Voyage Estimation

A voyage estimate aims at calculating the profit or loss that a vessel will make from a proposed voyage. In other words, voyage estimates are simply profit and loss accounts for the particular voyage in question that are arrived at by calculating the income and then subtracting all related expenses. Unlike time charters, in voyage charters all the vessel-related expenses that include operating costs (crew costs, repairs and maintenance, insurance, stores and lubes, etc.) and voyage (variable) costs (fuel, diesel oil, port dues and costs, canal tolls, etc.) are paid for by the shipowner. Hence, a voyage estimate must take into account freight income (bill of lading amount loaded on the ship in tons by freight rate in dollars) and subtract all voyage-related expenses, including address commission and brokerage. A voyage estimate is an indispensable part of chartering negotiations as it helps owners assess the financial feasibility of a particular trip vis-a-vis alternative voyages that may be available and in relation to the amount of profit required as well as prevailing competing freight rates. Voyage estimates, however, are also performed by charterers, as they can assist them in evaluating the appropriate vessel and the economic implications for their required voyage in their attempt to minimize the cost of the transportation service and include more favorable terms for them in the charter party. A shipowner may be presented with alternative voyages, and each alternative needs to be estimated prior to negotiating and completing any chartering deal. Voyage estimation must be performed as accurately as possible. Although it is an estimate, it gives a very good indication for the potential profitability of a particular voyage and can also provide comparisons with a time charter equivalent charter. A time charter equivalent estimate is a figure that denotes the daily hire that the vessel will obtain if chartered on the particular voyage trip.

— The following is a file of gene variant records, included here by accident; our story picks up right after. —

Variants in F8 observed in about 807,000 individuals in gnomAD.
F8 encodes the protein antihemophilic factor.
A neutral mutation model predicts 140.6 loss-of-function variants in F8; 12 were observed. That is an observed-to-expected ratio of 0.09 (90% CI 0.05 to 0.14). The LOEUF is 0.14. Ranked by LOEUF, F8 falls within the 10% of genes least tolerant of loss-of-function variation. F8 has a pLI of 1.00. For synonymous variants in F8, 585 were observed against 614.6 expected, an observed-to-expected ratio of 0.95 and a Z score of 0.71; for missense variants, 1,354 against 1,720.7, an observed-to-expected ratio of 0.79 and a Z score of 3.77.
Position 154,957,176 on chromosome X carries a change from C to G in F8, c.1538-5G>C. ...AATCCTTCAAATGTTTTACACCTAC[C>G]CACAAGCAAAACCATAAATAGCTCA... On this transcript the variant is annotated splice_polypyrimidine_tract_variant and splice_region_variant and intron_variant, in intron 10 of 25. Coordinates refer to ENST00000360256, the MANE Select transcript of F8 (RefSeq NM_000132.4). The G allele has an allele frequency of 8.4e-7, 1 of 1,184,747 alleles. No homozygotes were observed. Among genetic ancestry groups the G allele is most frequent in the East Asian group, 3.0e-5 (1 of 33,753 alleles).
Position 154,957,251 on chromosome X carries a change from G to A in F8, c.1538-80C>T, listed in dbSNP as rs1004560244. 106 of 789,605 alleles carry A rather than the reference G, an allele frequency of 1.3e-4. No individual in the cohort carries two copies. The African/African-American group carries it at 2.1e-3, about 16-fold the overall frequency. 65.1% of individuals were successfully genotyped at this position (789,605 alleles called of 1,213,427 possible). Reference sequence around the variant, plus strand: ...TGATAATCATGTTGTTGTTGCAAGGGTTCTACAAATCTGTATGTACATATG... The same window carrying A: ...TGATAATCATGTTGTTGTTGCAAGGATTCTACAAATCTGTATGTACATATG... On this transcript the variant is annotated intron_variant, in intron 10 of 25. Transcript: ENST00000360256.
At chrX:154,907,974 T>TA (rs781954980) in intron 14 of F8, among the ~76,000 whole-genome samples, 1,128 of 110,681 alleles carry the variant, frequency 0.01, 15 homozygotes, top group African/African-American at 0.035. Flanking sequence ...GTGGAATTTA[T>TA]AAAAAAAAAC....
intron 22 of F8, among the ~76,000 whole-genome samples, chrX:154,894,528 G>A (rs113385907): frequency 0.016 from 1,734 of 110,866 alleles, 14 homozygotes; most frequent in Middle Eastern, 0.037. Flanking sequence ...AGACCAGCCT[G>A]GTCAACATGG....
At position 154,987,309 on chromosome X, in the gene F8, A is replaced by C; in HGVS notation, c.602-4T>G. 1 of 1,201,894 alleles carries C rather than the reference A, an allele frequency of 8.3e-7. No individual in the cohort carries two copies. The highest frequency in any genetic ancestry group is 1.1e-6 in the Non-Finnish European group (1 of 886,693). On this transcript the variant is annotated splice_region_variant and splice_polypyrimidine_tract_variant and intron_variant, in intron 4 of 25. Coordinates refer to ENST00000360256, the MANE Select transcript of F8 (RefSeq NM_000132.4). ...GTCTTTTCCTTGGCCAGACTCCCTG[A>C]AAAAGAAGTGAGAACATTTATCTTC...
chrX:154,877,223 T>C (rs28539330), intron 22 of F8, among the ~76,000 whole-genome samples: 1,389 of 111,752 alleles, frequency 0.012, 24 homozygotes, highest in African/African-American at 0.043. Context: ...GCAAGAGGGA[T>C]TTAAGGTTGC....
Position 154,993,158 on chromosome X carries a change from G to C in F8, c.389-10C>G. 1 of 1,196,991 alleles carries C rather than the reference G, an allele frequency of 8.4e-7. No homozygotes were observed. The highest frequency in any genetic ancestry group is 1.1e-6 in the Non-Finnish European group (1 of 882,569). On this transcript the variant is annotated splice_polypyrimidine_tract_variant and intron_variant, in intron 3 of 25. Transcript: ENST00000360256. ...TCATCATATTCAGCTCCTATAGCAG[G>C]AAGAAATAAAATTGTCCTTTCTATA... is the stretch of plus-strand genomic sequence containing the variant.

The Process of Voyage Estimation:
Voyage estimating is a process that takes into account the following factors:

  1. Amount of cargo that can be lifted
  2. Ship characteristics
  3. Time at sea
  4. Time at port for loading and discharging operations
  5. Time at bunkering port if any
  6. Bunker costs
  7. Port charges and canal transit fees
  8. Freight income calculations
  9. Operating expenses, commissions, and TCE (Time Charter Equivalent)